Subsidiary

A subsidiary, subsidiary company or daughter company[1][2][3] is a company that is owned or controlled by another company, which is called the parent company, parent, or holding company.[4][5] The subsidiary can be a company, corporation, or limited liability company. In some cases it is a government or state-owned enterprise. In some cases, particularly in the music and book publishing industries, subsidiaries are referred to as imprints.

In the United States railroad industry, an operating subsidiary is a company that is a subsidiary but operates with its own identity, locomotives and rolling stock. In contrast, a non-operating subsidiary would exist on paper only (i.e., stocks, bonds, articles of incorporation) and would use the identity of the parent company.

Subsidiaries are a common feature of business life, and most multinational corporations organize their operations in this way.[6] Examples include holding companies such as Berkshire Hathaway,[7] Leucadia National Corporation, Time Warner, or Citigroup; as well as more focused companies such as IBM or Xerox. These, and others, organize their businesses into national and functional subsidiaries, often with multiple levels of subsidiaries.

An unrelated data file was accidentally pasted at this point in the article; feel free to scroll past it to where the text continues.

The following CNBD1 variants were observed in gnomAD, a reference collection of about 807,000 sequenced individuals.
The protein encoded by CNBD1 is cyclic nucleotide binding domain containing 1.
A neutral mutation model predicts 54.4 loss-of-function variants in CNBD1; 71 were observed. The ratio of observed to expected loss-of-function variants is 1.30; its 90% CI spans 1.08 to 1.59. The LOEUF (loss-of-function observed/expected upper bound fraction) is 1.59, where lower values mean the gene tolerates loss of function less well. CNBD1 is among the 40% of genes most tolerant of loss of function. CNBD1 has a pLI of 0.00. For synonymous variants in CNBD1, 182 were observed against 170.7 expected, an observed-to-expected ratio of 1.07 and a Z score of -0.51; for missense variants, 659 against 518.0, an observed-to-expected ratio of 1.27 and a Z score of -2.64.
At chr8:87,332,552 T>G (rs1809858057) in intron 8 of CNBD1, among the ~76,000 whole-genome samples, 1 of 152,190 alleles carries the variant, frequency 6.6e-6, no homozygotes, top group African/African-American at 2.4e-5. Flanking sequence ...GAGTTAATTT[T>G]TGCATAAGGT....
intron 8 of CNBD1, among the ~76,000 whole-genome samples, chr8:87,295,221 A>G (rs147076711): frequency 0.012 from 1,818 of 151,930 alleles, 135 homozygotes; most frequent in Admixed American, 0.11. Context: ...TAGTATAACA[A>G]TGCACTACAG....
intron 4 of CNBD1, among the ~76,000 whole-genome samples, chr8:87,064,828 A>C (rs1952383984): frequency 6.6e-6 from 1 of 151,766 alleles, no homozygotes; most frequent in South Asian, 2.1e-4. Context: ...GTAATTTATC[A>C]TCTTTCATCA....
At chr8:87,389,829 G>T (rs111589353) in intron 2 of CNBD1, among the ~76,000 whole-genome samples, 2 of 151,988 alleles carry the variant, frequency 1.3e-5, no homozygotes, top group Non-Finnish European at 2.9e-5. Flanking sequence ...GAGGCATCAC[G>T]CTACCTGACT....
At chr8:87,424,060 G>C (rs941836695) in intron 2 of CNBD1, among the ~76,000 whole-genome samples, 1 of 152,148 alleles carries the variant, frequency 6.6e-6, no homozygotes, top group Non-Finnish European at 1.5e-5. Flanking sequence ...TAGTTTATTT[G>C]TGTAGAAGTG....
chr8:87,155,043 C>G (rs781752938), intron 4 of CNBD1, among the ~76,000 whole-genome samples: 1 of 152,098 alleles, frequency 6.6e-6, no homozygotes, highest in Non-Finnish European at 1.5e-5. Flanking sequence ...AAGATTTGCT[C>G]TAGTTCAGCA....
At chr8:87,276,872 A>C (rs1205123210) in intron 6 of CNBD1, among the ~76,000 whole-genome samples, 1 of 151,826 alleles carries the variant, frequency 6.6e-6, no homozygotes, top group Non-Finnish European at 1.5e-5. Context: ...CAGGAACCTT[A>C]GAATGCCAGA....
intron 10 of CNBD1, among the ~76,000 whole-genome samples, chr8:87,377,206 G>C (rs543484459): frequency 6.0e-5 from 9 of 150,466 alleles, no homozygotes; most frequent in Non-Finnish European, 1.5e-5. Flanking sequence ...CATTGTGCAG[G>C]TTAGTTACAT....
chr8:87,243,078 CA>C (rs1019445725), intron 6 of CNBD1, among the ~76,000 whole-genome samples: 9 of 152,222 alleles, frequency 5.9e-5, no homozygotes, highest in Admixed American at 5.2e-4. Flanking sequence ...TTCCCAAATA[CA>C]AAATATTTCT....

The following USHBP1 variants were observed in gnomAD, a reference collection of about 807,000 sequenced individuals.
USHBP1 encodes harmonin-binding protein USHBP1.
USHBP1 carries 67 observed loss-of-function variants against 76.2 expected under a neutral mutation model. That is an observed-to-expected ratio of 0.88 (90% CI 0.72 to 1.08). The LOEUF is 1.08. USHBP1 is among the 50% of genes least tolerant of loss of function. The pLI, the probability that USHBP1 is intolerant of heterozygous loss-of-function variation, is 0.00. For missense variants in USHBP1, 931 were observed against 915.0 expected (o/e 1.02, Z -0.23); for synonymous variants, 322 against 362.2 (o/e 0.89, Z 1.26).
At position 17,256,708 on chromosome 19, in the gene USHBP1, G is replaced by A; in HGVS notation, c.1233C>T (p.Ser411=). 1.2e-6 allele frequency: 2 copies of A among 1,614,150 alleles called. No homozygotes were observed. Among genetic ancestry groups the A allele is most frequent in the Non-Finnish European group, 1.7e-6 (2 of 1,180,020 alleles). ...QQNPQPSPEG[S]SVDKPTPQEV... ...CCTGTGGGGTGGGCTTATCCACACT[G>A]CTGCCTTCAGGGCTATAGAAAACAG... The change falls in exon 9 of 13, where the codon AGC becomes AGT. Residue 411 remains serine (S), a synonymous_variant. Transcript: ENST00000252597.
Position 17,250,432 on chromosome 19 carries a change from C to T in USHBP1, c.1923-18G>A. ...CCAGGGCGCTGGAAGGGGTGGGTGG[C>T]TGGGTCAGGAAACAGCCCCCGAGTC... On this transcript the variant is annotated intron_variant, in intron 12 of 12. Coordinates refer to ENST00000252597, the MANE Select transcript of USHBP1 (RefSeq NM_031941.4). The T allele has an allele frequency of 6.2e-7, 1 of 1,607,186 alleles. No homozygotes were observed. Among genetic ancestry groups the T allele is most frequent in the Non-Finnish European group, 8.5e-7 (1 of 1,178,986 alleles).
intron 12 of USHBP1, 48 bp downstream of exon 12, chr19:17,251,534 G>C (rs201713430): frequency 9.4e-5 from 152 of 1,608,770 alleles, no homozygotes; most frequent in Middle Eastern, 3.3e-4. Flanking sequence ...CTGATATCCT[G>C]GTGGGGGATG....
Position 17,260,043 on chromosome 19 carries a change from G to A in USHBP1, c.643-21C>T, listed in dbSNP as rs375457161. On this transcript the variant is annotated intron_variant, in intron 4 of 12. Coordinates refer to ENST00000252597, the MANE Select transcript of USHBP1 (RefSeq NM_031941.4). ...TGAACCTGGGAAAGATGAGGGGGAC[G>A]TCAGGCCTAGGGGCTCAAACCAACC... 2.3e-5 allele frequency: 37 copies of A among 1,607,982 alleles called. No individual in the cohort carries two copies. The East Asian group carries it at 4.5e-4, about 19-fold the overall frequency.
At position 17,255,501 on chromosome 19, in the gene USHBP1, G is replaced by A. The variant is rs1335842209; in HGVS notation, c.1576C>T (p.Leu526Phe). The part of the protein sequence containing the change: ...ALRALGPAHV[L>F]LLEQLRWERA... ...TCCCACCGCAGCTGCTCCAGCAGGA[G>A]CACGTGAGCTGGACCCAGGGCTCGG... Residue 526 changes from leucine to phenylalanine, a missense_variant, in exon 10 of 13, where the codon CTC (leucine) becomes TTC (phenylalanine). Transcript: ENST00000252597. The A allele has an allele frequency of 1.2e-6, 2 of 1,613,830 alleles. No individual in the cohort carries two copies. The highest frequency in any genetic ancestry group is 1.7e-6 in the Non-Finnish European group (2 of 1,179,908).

1. ^ "daughter company = subsidiary: a company that is completely or partly owned by another company" Longman Business English Dictionary
  2. ^ Investopedia: "A subsidiary company is sometimes referred to as a daughter company."
  3. ^ "Daughter Company Definition from Financial Times Lexicon". Lexicon.ft.com. Retrieved 2013-09-29. 
  4. ^ http://smallbusiness.chron.com/difference-between-subsidiary-sister-company-35043.html
  5. ^ "Subsidiary - Definition and More from the Free Merriam-Webster Dictionary". Merriam-webster.com. Retrieved 2015-01-15. 
  6. ^ Drucker, Peter F. (September–October 1997). "The Global Economy and the Nation-State". Foreign Affairs. Council on Foreign Relations. 
  7. ^ "Links To Berkshire Hathaway Sub. Companies". Berkshirehathaway.com. Retrieved 2013-09-29. 

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